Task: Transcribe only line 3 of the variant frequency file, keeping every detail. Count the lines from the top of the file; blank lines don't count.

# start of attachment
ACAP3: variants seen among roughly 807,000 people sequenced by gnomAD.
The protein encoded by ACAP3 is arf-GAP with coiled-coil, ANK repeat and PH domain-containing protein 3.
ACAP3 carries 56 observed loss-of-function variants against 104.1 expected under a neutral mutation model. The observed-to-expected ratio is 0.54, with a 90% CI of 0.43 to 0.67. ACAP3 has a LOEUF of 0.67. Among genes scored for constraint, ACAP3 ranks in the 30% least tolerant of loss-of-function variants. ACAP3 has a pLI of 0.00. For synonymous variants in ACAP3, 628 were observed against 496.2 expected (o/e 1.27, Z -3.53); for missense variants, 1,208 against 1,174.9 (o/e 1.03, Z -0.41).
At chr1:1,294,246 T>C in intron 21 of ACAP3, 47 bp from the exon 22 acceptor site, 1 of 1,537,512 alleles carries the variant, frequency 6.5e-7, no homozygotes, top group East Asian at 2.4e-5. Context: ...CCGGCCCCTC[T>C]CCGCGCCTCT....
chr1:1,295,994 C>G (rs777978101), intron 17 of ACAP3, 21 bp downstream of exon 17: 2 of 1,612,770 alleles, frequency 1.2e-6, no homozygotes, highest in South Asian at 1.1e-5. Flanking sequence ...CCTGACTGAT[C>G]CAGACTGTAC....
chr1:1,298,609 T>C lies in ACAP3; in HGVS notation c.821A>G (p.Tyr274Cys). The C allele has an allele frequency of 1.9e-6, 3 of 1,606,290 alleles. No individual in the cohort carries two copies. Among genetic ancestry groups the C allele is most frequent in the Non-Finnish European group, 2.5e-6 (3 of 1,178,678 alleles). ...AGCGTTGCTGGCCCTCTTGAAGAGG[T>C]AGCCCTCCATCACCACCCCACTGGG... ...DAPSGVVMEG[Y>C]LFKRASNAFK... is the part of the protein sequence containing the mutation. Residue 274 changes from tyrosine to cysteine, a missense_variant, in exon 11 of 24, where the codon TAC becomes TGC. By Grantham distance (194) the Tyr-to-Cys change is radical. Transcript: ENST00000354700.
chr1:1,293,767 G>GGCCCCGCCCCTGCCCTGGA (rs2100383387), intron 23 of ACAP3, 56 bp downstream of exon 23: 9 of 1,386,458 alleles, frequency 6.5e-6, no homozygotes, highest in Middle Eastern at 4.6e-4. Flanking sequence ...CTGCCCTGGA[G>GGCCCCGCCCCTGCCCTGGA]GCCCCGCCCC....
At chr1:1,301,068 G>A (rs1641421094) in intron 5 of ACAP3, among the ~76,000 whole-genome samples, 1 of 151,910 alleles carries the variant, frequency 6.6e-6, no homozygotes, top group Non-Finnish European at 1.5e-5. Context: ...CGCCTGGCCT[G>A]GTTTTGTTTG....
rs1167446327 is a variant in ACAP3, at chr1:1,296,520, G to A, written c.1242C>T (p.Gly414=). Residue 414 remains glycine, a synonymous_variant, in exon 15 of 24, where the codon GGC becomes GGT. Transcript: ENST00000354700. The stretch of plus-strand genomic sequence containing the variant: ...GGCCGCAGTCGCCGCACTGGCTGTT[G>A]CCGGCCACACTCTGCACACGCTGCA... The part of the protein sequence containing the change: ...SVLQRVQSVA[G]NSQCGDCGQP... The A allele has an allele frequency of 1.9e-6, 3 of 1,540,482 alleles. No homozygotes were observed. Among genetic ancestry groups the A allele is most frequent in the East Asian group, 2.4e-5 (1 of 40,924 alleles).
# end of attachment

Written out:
ACAP3 carries 56 observed loss-of-function variants against 104.1 expected under a neutral mutation model. The observed-to-expected ratio is 0.54, with a 90% CI of 0.43 to 0.67. ACAP3 has a LOEUF of 0.67. Among genes scored for constraint, ACAP3 ranks in the 30% least tolerant of loss-of-function variants. ACAP3 has a pLI of 0.00. For synonymous variants in ACAP3, 628 were observed against 496.2 expected (o/e 1.27, Z -3.53); for missense variants, 1,208 against 1,174.9 (o/e 1.03, Z -0.41).